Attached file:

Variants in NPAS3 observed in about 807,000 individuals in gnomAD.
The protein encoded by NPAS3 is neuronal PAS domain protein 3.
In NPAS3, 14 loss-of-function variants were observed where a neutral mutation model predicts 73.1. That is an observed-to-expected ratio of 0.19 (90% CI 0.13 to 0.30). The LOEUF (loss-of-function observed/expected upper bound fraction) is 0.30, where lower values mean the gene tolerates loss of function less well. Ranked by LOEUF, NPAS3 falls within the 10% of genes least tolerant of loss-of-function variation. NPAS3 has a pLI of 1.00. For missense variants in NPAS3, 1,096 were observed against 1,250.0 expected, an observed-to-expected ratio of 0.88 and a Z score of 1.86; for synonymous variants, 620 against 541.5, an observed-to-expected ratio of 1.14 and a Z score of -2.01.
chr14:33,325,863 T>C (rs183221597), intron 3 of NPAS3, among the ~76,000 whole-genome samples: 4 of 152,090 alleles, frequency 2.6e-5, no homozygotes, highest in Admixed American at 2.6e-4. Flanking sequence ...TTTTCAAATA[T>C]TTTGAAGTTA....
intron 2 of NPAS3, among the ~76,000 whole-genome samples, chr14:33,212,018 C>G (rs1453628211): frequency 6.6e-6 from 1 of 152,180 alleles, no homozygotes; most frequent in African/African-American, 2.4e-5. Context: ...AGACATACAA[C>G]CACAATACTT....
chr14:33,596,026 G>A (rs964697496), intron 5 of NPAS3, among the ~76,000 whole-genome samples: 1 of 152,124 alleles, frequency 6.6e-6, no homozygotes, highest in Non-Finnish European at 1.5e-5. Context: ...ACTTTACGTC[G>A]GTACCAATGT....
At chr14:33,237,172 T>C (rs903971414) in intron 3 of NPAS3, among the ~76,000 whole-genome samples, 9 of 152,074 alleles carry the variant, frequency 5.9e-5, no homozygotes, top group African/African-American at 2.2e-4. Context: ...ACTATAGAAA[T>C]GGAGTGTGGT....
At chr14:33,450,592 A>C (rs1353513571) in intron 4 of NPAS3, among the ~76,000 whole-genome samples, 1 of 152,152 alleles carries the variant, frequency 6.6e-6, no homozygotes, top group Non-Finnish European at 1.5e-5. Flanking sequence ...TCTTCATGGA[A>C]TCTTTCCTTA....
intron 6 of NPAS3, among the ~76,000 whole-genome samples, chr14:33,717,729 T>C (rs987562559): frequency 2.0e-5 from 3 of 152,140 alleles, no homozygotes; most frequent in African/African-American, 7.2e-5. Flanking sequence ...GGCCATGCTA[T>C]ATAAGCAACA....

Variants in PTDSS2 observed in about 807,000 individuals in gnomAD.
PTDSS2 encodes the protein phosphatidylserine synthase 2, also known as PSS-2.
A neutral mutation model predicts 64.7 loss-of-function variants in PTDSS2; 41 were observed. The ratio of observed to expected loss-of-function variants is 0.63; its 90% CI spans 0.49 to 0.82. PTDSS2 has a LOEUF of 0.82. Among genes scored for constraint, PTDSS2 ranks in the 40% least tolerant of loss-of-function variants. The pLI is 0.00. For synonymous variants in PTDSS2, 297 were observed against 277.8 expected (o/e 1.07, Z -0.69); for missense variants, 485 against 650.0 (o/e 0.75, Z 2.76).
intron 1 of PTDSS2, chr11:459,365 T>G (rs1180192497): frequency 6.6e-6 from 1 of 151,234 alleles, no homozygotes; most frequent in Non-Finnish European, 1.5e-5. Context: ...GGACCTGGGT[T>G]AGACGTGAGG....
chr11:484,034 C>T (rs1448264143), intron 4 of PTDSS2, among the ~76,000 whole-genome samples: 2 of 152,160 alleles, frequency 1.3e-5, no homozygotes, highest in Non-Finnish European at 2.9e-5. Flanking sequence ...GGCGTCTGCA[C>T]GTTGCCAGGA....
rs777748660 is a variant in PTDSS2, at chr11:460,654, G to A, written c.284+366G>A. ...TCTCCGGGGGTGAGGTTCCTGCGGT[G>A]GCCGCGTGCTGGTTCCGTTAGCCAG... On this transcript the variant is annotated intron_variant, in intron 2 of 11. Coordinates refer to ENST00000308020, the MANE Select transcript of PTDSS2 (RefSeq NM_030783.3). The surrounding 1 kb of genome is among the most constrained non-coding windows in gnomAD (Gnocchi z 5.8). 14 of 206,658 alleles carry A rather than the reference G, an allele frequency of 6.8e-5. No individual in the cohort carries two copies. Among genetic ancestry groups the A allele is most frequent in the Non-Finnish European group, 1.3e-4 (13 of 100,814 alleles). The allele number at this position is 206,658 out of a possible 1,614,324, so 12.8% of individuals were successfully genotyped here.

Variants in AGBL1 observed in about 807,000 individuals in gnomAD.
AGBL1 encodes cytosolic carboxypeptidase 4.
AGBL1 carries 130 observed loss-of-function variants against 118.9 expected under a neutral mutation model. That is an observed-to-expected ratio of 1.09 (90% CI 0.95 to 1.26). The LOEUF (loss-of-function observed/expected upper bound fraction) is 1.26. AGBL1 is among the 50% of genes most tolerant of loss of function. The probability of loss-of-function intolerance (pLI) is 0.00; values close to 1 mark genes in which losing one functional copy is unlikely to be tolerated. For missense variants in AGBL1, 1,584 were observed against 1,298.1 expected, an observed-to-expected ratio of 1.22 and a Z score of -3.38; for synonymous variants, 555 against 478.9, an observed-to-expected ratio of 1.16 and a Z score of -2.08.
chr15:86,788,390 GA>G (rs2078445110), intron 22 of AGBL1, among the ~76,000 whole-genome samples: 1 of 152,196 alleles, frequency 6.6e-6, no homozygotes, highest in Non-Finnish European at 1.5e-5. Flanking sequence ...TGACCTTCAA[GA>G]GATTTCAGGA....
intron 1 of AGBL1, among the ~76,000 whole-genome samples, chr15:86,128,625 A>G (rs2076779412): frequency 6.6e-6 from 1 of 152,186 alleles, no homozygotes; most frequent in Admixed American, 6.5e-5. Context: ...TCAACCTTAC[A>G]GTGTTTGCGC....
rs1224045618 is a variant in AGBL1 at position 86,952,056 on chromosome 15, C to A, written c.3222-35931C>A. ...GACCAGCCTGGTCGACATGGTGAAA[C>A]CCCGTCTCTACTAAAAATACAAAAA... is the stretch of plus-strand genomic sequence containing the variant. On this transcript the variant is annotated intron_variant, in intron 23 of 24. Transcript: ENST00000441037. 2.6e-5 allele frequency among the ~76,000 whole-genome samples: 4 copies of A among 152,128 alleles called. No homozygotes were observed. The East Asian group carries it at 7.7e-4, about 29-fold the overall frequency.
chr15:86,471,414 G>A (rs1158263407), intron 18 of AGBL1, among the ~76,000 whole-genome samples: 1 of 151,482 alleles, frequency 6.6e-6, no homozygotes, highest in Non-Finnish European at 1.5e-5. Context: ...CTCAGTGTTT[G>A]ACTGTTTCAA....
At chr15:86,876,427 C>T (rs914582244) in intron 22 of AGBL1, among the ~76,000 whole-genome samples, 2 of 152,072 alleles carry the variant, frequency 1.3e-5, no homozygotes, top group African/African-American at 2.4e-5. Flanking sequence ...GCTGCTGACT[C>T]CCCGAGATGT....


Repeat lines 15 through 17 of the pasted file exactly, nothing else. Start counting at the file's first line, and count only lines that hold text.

rs777748660 is a variant in PTDSS2, at chr11:460,654, G to A, written c.284+366G>A. ...TCTCCGGGGGTGAGGTTCCTGCGGT[G>A]GCCGCGTGCTGGTTCCGTTAGCCAG... On this transcript the variant is annotated intron_variant, in intron 2 of 11. Coordinates refer to ENST00000308020, the MANE Select transcript of PTDSS2 (RefSeq NM_030783.3). The surrounding 1 kb of genome is among the most constrained non-coding windows in gnomAD (Gnocchi z 5.8). 14 of 206,658 alleles carry A rather than the reference G, an allele frequency of 6.8e-5. No individual in the cohort carries two copies. Among genetic ancestry groups the A allele is most frequent in the Non-Finnish European group, 1.3e-4 (13 of 100,814 alleles). The allele number at this position is 206,658 out of a possible 1,614,324, so 12.8% of individuals were successfully genotyped here.

Variants in AGBL1 observed in about 807,000 individuals in gnomAD.
AGBL1 encodes cytosolic carboxypeptidase 4.